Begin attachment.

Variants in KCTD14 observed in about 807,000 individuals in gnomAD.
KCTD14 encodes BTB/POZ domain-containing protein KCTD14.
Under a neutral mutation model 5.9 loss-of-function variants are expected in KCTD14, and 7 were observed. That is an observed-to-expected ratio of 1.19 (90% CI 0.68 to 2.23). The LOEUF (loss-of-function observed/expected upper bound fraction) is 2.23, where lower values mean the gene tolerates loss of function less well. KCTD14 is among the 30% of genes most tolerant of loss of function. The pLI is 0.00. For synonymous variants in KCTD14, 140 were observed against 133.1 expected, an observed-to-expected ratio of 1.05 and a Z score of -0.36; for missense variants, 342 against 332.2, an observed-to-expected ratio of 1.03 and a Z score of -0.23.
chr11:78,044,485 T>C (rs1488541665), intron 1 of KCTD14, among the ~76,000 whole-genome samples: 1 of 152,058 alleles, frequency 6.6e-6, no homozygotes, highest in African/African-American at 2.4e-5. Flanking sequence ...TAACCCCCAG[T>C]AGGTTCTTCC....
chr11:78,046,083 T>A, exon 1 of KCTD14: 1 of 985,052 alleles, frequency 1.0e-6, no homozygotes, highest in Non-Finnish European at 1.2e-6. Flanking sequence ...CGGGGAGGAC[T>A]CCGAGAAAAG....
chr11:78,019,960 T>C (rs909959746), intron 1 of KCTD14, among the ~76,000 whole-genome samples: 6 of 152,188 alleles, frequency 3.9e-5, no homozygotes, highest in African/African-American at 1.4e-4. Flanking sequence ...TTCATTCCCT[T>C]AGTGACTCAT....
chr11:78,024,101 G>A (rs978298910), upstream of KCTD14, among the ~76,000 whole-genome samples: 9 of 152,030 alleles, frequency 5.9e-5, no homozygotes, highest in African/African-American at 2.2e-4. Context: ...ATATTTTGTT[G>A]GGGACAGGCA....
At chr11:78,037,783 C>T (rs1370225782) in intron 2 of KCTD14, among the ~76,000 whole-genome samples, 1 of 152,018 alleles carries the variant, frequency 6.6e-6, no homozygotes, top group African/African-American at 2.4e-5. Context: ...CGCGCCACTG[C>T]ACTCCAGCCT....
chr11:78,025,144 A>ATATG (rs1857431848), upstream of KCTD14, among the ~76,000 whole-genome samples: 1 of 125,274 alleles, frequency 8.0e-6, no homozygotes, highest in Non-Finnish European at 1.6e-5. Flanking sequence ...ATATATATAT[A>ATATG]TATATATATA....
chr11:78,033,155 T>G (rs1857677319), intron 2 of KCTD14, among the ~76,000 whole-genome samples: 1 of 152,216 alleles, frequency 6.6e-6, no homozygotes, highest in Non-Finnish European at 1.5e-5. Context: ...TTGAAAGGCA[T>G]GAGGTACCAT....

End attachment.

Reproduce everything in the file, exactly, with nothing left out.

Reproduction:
Variants in KCTD14 observed in about 807,000 individuals in gnomAD.
KCTD14 encodes BTB/POZ domain-containing protein KCTD14.
Under a neutral mutation model 5.9 loss-of-function variants are expected in KCTD14, and 7 were observed. That is an observed-to-expected ratio of 1.19 (90% CI 0.68 to 2.23). The LOEUF (loss-of-function observed/expected upper bound fraction) is 2.23, where lower values mean the gene tolerates loss of function less well. KCTD14 is among the 30% of genes most tolerant of loss of function. The pLI is 0.00. For synonymous variants in KCTD14, 140 were observed against 133.1 expected, an observed-to-expected ratio of 1.05 and a Z score of -0.36; for missense variants, 342 against 332.2, an observed-to-expected ratio of 1.03 and a Z score of -0.23.
chr11:78,044,485 T>C (rs1488541665), intron 1 of KCTD14, among the ~76,000 whole-genome samples: 1 of 152,058 alleles, frequency 6.6e-6, no homozygotes, highest in African/African-American at 2.4e-5. Flanking sequence ...TAACCCCCAG[T>C]AGGTTCTTCC....
chr11:78,046,083 T>A, exon 1 of KCTD14: 1 of 985,052 alleles, frequency 1.0e-6, no homozygotes, highest in Non-Finnish European at 1.2e-6. Flanking sequence ...CGGGGAGGAC[T>A]CCGAGAAAAG....
chr11:78,019,960 T>C (rs909959746), intron 1 of KCTD14, among the ~76,000 whole-genome samples: 6 of 152,188 alleles, frequency 3.9e-5, no homozygotes, highest in African/African-American at 1.4e-4. Flanking sequence ...TTCATTCCCT[T>C]AGTGACTCAT....
chr11:78,024,101 G>A (rs978298910), upstream of KCTD14, among the ~76,000 whole-genome samples: 9 of 152,030 alleles, frequency 5.9e-5, no homozygotes, highest in African/African-American at 2.2e-4. Context: ...ATATTTTGTT[G>A]GGGACAGGCA....
At chr11:78,037,783 C>T (rs1370225782) in intron 2 of KCTD14, among the ~76,000 whole-genome samples, 1 of 152,018 alleles carries the variant, frequency 6.6e-6, no homozygotes, top group African/African-American at 2.4e-5. Context: ...CGCGCCACTG[C>T]ACTCCAGCCT....
chr11:78,025,144 A>ATATG (rs1857431848), upstream of KCTD14, among the ~76,000 whole-genome samples: 1 of 125,274 alleles, frequency 8.0e-6, no homozygotes, highest in Non-Finnish European at 1.6e-5. Flanking sequence ...ATATATATAT[A>ATATG]TATATATATA....
chr11:78,033,155 T>G (rs1857677319), intron 2 of KCTD14, among the ~76,000 whole-genome samples: 1 of 152,216 alleles, frequency 6.6e-6, no homozygotes, highest in Non-Finnish European at 1.5e-5. Context: ...TTGAAAGGCA[T>G]GAGGTACCAT....